In A Universal History of Infamy, Jorge Luis Borges speaks of a map, which was the size of the territory, which it mapped. The map was so large that it had to be folded and unfolded and began to deteriorate becoming useless and irrelevant. (42) Why look at this cumbersome map when the information was also in the territory itself? Are we arriving to the full-scale map of this fiction? And is it irrelevant? Or does the map become even more relevant? The Robert Moses three-dimensional map of New York City while not full scale strove for 99% likeness in detail to the reality that it represented. As a huge and elaborate wooden object lit to compress the cycles of the day/night, it remains static and fixed to a fleeted reality. The document while it represents a historical moment in time in the physicality of that city does and did not represent the life and ephemerality of the city except for the fact that it became quickly irrelevant as a tool for urban planning which was its intent. (43) With the technologies that we have available today, we are not only able to represent the city in all of its qualities; realistic and abstract, immersed and removed, qualitative and quantitative but it is also inherent in these processes the representation also being life like, real time, moving and changing. This ease and flexibility allows for constant accuracy. In addition, the map that is produced from below and collectively is inherently and as has been demonstrated more precise. Will we get to an “improved flow of information from citizens to decision-makers, and a strengthening of the form of our built environment”? , (44) and will inhabitants participate more directly in the design of their cities. The city and the map will be ever changing and up-to-date. This document will also be analyzable in its fullness with all of its qualities and therefore the functionality of the body of city and of the human body will be continuously optimized? Does the living map become more relevant by remaining “daily and indefinitely other”? And is the static, fixed, authoritative map dead?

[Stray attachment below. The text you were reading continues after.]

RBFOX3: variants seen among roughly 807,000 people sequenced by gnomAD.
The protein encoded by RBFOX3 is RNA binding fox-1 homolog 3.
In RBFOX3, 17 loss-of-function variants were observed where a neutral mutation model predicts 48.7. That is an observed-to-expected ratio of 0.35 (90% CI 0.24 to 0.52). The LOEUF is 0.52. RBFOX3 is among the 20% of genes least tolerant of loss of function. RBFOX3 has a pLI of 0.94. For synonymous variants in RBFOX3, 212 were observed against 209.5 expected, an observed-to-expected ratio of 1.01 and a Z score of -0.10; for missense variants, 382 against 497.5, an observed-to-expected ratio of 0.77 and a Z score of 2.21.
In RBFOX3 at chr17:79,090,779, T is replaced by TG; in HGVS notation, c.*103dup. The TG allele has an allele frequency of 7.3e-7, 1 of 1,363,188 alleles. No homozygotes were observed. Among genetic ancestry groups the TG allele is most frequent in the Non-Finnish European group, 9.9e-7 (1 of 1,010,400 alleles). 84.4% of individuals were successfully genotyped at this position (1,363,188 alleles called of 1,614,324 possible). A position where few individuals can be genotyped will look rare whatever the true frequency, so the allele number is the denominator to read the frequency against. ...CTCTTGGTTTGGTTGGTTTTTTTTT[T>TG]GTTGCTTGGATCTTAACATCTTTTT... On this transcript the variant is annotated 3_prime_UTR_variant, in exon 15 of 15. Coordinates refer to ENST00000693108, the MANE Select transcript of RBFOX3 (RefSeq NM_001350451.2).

42 Borges, Jorge Luis. A Universal History of Infamy. E P Dutton 1972
43 Ross, Rebecca. Perils of Precision. In Else/where: Mapping New cartographies of Networks and Territories by Janet Abrams and Peter Hall, 184-199. University of Minnesota Press 2006 p. 184
44 Ross, Rebecca. Perils of Precision. In Else/where: Mapping New cartographies of Networks and Territories by Janet Abrams and Peter Hall, 184-199. University of Minnesota Press 2006 p. 186